darkmatter070515

This Hubble Space Telescope composite image superimposes a blue map of the dark matter distribution in the galaxy cluster Cl 0024+17 on a Hubble image of the cluster. The ring is one of the strongest pieces of evidence to date for the existence of dark matter, an unknown substance that pervades the universe. ((NASA, ESA, M.J. Jee and H. Ford, Johns Hopkins University))

Scientists say they have found the strongest evidence yet of the existence of dark matter, the elusive substance thought to be a key component of the universe.

Images collected by the Hubble space telescope of the collision of two galaxy clusters more than five billion light years away have revealed subtle signs of gravity from an unseen mass at work in the cluster.

When this unseen mass was mapped in blue and superimposed on an image of the combined cluster,a ghostly "ring" that NASA scientists say is a map of dark matter became evident.

Dark matter is impossible to see directly because it doesn't shine or even reflect light and doesn't appear to interact with regular matter.

But its influence in the universe is felt because its mass exerts a gravitational pull on galaxies, helping them to keep their shape and stay together. Based on the movements of stars and galaxies, scientists speculate that dark matter is five to six times more common than the regular matter we know, which is made up of familiar atomic particles such as protons, electrons and neutrons.

Myungkook James Jee, an associate research scientist at Johns Hopkins University, led the team of researchers that included contributions from NASA and the European Space Agency. The findings will be reported in an upcoming issue of the Astrophysical Journal.

Jee said the relatively uniform ring pattern of the dark matter is the result of the impact between the two galaxy clusters that collided to create the current cluster,moving the dark matter inthe same way a pebble dropped in a pond creates a ripple in the water.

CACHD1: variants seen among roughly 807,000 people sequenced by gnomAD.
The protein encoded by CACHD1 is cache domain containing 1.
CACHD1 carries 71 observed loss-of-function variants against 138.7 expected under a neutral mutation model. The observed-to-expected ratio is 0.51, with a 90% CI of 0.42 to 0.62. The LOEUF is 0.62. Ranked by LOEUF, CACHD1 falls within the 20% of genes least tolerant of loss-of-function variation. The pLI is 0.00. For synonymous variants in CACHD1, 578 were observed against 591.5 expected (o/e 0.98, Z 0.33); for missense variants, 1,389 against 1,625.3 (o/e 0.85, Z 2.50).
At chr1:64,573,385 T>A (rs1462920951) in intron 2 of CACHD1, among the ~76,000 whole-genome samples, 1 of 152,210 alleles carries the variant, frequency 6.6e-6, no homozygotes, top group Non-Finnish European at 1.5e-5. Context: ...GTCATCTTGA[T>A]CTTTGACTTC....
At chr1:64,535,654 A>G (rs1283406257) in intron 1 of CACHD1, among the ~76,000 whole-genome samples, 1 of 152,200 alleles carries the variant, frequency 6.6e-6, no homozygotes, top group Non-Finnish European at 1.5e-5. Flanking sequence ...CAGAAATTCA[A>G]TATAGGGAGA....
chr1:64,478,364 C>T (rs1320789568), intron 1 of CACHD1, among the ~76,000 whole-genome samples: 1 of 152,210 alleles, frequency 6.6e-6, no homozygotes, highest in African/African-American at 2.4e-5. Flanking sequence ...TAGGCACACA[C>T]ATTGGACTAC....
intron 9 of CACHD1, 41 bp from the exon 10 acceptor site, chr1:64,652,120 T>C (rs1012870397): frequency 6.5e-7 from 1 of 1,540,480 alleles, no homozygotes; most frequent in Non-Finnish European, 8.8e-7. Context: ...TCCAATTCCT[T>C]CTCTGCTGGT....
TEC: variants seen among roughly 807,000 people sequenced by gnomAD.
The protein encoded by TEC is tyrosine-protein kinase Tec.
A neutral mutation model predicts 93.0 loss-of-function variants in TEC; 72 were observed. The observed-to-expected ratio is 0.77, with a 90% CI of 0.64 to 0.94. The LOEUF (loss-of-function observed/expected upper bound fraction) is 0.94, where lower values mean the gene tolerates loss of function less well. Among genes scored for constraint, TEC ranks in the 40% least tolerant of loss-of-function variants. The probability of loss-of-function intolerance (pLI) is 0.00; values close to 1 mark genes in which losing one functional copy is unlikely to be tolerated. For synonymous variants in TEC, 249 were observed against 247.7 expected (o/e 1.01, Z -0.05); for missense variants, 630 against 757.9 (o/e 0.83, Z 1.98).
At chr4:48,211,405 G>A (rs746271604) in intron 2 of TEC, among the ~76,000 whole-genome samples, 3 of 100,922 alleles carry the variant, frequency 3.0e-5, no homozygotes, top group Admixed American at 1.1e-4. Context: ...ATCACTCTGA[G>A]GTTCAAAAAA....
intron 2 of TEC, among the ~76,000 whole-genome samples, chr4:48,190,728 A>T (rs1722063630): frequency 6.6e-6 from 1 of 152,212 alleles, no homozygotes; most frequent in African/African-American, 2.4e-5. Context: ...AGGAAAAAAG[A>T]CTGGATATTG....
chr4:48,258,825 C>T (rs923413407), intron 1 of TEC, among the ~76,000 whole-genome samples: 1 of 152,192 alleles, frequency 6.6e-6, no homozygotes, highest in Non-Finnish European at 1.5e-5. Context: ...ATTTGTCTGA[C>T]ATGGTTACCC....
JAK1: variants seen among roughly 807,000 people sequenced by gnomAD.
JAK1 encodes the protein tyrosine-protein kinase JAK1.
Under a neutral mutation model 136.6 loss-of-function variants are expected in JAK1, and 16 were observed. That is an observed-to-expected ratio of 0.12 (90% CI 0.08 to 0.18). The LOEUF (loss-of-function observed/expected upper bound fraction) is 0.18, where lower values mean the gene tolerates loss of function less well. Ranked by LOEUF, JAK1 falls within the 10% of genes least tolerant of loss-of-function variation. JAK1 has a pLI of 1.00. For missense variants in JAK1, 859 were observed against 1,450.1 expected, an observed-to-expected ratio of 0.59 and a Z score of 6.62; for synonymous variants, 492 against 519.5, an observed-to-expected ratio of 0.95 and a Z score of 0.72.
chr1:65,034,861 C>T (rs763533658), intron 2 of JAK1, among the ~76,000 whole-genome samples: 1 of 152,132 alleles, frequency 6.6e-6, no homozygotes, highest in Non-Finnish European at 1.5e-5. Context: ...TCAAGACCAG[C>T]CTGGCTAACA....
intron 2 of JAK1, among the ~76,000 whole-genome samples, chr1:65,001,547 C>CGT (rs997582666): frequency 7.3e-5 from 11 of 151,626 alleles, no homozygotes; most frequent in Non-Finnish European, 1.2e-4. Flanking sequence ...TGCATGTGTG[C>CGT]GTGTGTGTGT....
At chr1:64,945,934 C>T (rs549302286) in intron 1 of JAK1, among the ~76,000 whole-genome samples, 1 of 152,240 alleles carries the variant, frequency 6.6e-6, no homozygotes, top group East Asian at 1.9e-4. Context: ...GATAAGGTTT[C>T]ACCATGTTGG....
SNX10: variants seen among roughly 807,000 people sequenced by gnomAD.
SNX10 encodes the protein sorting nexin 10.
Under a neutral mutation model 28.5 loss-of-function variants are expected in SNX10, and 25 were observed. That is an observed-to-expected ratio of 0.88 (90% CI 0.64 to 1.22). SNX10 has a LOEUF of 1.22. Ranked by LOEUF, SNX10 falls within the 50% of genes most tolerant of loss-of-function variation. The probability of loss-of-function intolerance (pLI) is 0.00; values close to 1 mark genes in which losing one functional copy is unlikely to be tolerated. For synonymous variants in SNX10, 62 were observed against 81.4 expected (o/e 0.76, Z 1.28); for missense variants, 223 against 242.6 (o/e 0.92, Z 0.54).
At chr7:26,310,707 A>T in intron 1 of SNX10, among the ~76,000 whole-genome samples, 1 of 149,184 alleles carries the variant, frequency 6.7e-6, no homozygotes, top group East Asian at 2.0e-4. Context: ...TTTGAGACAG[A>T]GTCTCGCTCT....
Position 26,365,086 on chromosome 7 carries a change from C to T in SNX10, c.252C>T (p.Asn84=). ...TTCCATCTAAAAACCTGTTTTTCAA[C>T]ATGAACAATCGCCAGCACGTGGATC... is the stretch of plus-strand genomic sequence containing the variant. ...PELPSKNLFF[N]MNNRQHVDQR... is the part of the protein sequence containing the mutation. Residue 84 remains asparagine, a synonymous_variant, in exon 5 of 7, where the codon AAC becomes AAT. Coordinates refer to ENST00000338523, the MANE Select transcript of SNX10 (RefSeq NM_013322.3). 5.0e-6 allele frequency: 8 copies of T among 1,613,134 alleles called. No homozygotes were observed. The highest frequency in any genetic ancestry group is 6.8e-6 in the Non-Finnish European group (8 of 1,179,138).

Images of galaxies

To come up with the map of unseen matter Jee and his team of researchers looked not at the galaxy clusters themselves but rather the images of galaxies that lay even farther in the distance. The images of these galaxies were stretched, the result of what scientists call gravitational lensing, whereby their light is bent and magnified by the gravity of the galaxy cluster.

Richard Massey, a postdoctoral scholar at California Institute of Technology, who was not part of the research, said the discovery is exciting if it's correct.

"But in order to be convinced, astronomers would need to see it at a different angle or with another camera," he said during a NASA teleconference of the announcement.

Unfortunately for astronomers, such confirmation will have to wait. In January, Hubble's Advanced Camera for Surveys — which took the images — lost its power supply, and a space shuttle crew is not scheduled to repair the camera until September 2008 at the earliest.

Massey called the failure of the camera "heart-breaking," saying it or an instrument like it is necessary to get the detailed images needed to prove the existence of dark matter.

"It's the most common stuff in the universe and we know nothing about it, which is embarrassing," Massey said.